The correct answers are:
South Texas: 92 W/m2
northern U.S.: 77 W/m2
northern U.S. (winter): 35 W/m2
These are the results of multiplying each answer from part 5 by 30%.
Notice that these values, the maximum useful solar energy, are far less than the flux originally reaching the Earth from the Sun--only 2.6% to 6.7%, specifically.
We have ignored weather: on cloudy days useful flux will be further reduced (same for days with significant haze or dust in the air). Accounting for weather would reduce our results by another 35% on average, in fact.
The following questions will be based on available solar energy for the northern U.S.: 77 W/m2. (You can, of course, repeat all the following calculations on your own using another choice.)
Use the above value of flux to find how much collecting area is needed for a typical U.S. household. Average household power needs are 3,200 W.
(Note that this is an average power consumption for the household and the average power available in the northern U.S. We are effectively assuming we can store the energy with perfect efficiency in a battery, which is not feasible, and over long periods of time, which is not currently practical. Do you think power demands are high when available sunlight is at its most, or its least?)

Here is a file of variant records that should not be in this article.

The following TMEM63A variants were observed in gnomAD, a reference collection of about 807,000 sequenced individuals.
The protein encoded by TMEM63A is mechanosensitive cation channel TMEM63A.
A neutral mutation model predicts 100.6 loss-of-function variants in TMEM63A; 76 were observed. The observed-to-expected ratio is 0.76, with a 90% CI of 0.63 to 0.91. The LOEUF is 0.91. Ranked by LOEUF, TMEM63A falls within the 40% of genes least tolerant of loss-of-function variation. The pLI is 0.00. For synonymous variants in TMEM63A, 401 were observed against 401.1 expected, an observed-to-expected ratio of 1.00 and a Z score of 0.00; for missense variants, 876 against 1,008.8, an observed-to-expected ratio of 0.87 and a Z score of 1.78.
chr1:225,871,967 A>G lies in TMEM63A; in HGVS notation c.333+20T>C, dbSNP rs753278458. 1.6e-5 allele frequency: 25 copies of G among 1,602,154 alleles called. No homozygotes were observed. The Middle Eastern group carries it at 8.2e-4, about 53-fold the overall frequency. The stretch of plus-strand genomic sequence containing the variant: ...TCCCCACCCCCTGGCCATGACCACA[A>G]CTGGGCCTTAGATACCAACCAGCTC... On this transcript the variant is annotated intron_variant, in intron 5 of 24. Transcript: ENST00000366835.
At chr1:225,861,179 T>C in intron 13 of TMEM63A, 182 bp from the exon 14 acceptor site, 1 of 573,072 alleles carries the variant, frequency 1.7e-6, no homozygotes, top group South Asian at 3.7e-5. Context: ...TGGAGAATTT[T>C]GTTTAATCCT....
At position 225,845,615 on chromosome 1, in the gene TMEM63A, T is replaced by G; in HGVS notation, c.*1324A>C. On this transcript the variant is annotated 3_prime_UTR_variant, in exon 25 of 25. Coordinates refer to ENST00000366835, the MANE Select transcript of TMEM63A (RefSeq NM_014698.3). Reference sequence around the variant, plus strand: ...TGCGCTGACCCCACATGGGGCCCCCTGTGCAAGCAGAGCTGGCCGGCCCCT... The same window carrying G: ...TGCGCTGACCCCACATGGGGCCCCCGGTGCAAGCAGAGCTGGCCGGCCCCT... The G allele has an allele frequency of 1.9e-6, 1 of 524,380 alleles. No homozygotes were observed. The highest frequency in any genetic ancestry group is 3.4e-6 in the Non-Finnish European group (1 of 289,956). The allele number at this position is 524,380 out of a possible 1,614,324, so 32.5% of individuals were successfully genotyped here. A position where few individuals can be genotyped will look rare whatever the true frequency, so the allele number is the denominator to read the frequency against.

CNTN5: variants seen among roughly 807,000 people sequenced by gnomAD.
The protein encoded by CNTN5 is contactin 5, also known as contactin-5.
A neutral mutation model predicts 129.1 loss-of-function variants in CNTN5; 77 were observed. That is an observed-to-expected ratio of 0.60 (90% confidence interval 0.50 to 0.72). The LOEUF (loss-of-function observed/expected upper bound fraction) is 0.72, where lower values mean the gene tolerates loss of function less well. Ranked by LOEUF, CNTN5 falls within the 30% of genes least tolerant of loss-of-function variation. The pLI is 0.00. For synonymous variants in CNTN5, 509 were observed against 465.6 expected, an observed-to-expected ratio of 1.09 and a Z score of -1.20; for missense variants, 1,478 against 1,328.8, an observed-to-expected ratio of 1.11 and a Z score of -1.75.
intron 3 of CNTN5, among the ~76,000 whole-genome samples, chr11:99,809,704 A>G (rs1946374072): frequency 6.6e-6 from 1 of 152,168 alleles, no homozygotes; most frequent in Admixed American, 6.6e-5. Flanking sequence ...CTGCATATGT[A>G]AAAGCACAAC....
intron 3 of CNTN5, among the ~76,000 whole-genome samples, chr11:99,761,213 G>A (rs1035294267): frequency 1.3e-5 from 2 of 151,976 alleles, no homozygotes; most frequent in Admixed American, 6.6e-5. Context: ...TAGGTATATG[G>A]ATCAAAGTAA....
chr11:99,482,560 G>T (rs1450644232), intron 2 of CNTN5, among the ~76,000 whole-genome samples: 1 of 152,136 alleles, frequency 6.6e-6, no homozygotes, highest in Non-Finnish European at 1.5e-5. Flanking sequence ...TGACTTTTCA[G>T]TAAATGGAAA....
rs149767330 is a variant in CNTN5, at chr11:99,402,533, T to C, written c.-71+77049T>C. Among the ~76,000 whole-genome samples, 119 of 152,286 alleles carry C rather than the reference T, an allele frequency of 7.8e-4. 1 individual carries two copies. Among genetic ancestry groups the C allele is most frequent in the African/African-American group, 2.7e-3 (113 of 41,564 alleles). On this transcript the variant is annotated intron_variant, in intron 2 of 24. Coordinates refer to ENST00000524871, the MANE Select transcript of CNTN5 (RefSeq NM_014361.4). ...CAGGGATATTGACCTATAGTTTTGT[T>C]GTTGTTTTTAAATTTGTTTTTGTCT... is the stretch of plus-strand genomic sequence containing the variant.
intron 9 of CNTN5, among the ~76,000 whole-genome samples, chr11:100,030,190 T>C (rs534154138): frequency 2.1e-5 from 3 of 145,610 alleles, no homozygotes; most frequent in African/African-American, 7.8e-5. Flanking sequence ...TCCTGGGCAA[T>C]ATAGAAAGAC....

(Also note: this figure refers to all household power use, which currently averages 38% from electricity and 62% from fossil fuel or wood burning within the home.)
Click here to check your answers and continue...
© 2001-2002, 2005 by Wm. Robert Johnston.
Last modified 11 January 2005.
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